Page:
Last month, Motorola won a case in the German court system
against Microsoft for violating a series of Motorola patents regarding wireless technology and video decoding. The German court system ruled in favor of Motorola by determining Microsoft was in violation of 4 out of 5 patent infringements brought in front of them by Motorola. A Seattle-based judge, operating out of the same circuit in which Microsoft has their headquarters, quickly went into action and blocked the German court's ruling until a final decision could be rendered by the ITC (International Trade Commission).
Oh, right, that initial ruling? Microsoft would face a ban on the import sales of all Xbox 360 4 GB and 250 GB Slim models unless they paid Motorola a 7% license fee, retroactive for all unsold models that violate the Motorola patents. At the moment, there has been no further discussion on the issues with other Microsoft technology, specifically Internet Explorer or Windows continuing to be sold, which is perhaps the only silver lining in this ruling for Microsoft. Microsoft spent the past month in court arguing in front of Judge David Shaw of the ITC that the initial bond sought by Motorola of 100% was unreasonable and argued to pay Motorola a 2.5% bond on all Xbox 360's found to violate the patents. Judge David Shaw reinforced the 7.5% bond ruling and this will pass into effect within the next 60 days.
Judge David Shaw's decision explicitly states that protecting intellectual rights is more important than providing choices for the consumer and he believes that there is no evidence Sony and Nintendo can not step in and fill the consumer demand in lieu of Microsoft providing the market with new Xbox 360's.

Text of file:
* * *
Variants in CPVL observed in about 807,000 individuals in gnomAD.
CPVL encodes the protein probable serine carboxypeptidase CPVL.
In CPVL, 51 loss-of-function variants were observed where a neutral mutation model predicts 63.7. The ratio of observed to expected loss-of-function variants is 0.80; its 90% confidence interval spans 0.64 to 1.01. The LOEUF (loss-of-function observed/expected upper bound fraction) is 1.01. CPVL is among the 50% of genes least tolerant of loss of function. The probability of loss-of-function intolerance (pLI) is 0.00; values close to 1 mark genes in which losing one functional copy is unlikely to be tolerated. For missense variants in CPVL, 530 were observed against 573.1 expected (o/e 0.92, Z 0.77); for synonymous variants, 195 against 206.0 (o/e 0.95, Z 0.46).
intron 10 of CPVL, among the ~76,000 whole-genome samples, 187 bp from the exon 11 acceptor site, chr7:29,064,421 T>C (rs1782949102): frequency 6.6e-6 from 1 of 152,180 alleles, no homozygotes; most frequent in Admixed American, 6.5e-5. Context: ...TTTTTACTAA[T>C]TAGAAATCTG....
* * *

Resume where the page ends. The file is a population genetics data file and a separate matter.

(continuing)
At this moment, the only hope Microsoft has to avoid a ban on the sale of new Xbox 360's is direct action by President Barack Obama. President Obama, as is standard in all cases such as this, has 60 days to review the decision. If the sitting President decides against the ruling of Judge David Shaw, then the case will be heard in the Court of Appeals of the U.S. Federal Court.
Section 337 of the Tariff Act allows administrative judges to investigate allegations of intellectual property infringement against goods imported into the United States. The actual Xbox 360 devices were originally assembled in Germany, which is why a German court decision has such ramifications within the United States. Other territories, such as the United Kingdom and Canada, will eventually also have to deal with the German court decision once the issue is finally settled sometime in August.